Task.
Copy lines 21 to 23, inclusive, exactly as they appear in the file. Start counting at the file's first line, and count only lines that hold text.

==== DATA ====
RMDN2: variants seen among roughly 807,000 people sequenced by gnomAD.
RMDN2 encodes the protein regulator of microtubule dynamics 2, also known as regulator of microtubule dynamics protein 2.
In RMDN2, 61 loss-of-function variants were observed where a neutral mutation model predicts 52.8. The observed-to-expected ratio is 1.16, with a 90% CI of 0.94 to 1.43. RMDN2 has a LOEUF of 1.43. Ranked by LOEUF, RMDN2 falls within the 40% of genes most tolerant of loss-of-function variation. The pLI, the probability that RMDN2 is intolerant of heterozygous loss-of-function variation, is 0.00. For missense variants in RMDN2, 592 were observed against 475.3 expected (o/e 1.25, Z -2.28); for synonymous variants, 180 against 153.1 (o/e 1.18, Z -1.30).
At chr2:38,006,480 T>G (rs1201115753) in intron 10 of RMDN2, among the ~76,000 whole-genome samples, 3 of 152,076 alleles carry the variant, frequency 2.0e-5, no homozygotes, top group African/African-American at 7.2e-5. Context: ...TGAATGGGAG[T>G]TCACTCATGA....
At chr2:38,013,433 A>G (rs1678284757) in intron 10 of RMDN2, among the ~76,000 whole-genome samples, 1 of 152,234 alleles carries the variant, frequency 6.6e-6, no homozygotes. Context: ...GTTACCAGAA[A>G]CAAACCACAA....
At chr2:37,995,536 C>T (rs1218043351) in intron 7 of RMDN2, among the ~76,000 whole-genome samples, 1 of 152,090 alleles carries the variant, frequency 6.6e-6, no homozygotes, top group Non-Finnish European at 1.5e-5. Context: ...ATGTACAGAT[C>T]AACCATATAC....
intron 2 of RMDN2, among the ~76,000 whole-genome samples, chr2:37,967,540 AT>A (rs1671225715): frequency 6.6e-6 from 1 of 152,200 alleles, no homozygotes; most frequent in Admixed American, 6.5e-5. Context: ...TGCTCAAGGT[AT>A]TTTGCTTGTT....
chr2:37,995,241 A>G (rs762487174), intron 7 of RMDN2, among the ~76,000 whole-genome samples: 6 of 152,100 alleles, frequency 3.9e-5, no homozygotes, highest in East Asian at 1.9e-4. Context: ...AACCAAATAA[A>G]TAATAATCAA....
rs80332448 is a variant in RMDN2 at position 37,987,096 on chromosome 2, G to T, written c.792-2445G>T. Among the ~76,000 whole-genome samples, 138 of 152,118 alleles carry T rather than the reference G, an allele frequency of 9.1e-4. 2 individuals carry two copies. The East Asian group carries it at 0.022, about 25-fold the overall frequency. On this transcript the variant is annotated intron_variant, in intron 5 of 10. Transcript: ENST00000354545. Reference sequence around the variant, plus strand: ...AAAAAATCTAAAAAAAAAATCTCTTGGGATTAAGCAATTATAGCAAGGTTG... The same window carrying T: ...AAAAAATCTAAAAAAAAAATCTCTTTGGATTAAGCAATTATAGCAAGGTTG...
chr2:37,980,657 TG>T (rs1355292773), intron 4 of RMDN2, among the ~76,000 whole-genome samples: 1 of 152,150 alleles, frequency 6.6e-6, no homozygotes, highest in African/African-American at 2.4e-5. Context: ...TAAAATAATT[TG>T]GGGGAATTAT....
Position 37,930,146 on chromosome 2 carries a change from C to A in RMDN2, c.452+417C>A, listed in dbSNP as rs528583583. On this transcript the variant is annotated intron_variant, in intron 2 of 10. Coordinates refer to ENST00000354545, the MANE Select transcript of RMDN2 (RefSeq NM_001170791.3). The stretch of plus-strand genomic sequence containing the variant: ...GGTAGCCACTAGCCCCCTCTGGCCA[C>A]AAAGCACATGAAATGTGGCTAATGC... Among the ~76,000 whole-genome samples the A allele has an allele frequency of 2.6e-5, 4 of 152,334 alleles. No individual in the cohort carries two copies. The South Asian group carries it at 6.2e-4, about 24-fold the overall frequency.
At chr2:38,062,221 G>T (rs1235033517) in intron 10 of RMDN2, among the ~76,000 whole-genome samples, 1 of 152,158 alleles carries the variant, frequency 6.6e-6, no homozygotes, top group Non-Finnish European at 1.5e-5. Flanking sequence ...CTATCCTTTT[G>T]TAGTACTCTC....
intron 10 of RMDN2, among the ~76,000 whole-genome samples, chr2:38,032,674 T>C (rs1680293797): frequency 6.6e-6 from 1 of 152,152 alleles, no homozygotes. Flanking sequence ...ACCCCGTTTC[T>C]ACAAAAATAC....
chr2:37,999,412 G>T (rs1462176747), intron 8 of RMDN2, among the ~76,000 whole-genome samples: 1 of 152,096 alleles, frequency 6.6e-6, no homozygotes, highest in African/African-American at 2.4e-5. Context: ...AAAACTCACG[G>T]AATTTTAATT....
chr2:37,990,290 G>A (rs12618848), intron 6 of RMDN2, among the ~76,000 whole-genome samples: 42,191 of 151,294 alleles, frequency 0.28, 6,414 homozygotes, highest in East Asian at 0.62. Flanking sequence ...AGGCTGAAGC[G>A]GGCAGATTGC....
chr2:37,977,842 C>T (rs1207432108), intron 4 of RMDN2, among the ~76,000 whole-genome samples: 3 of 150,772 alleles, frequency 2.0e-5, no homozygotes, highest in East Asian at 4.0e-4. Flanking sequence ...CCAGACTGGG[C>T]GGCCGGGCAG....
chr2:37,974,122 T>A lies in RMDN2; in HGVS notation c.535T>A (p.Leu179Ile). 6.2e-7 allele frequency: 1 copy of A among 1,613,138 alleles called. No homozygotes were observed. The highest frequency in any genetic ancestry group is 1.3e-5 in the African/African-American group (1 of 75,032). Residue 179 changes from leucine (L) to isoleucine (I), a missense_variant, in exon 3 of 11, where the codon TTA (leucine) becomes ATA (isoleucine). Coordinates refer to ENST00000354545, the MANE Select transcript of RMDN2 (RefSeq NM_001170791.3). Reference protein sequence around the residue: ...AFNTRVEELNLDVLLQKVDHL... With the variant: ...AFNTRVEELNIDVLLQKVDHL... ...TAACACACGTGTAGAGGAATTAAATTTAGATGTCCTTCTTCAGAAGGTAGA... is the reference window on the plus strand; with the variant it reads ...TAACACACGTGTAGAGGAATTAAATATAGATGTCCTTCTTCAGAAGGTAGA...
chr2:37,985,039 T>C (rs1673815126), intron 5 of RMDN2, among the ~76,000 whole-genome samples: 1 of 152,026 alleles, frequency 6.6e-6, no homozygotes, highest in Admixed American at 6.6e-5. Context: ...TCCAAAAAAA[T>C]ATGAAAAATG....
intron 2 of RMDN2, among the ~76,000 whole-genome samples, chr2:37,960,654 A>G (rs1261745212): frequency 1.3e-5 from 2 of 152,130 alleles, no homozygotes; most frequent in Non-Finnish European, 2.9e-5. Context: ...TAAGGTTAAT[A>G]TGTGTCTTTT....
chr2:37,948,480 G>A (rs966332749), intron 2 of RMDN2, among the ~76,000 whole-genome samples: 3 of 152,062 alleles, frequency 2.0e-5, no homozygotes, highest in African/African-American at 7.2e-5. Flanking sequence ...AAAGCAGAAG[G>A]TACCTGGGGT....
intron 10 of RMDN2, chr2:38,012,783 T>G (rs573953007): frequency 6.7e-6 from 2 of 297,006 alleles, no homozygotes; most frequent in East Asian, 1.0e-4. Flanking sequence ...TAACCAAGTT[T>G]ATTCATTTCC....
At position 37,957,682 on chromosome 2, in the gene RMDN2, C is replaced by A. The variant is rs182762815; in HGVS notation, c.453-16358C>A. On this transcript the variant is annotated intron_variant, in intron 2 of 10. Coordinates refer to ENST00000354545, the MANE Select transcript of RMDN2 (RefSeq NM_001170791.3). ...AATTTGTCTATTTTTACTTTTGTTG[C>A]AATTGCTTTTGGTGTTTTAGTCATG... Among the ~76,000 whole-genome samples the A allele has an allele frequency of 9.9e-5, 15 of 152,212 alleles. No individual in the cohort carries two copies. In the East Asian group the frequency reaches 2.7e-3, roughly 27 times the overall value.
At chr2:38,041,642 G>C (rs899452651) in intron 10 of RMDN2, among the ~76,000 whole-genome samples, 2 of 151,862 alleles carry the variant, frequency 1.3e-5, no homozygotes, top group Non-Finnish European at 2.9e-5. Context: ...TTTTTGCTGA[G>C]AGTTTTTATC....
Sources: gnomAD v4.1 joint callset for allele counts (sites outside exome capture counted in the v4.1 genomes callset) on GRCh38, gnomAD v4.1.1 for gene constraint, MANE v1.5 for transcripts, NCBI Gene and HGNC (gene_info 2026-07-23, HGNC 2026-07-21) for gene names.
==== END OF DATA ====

intron 10 of RMDN2, chr2:38,012,783 T>G (rs573953007): frequency 6.7e-6 from 2 of 297,006 alleles, no homozygotes; most frequent in East Asian, 1.0e-4. Flanking sequence ...TAACCAAGTT[T>G]ATTCATTTCC....
At position 37,957,682 on chromosome 2, in the gene RMDN2, C is replaced by A. The variant is rs182762815; in HGVS notation, c.453-16358C>A. On this transcript the variant is annotated intron_variant, in intron 2 of 10. Coordinates refer to ENST00000354545, the MANE Select transcript of RMDN2 (RefSeq NM_001170791.3). ...AATTTGTCTATTTTTACTTTTGTTG[C>A]AATTGCTTTTGGTGTTTTAGTCATG... Among the ~76,000 whole-genome samples the A allele has an allele frequency of 9.9e-5, 15 of 152,212 alleles. No individual in the cohort carries two copies. In the East Asian group the frequency reaches 2.7e-3, roughly 27 times the overall value.
At chr2:38,041,642 G>C (rs899452651) in intron 10 of RMDN2, among the ~76,000 whole-genome samples, 2 of 151,862 alleles carry the variant, frequency 1.3e-5, no homozygotes, top group Non-Finnish European at 2.9e-5. Context: ...TTTTTGCTGA[G>C]AGTTTTTATC....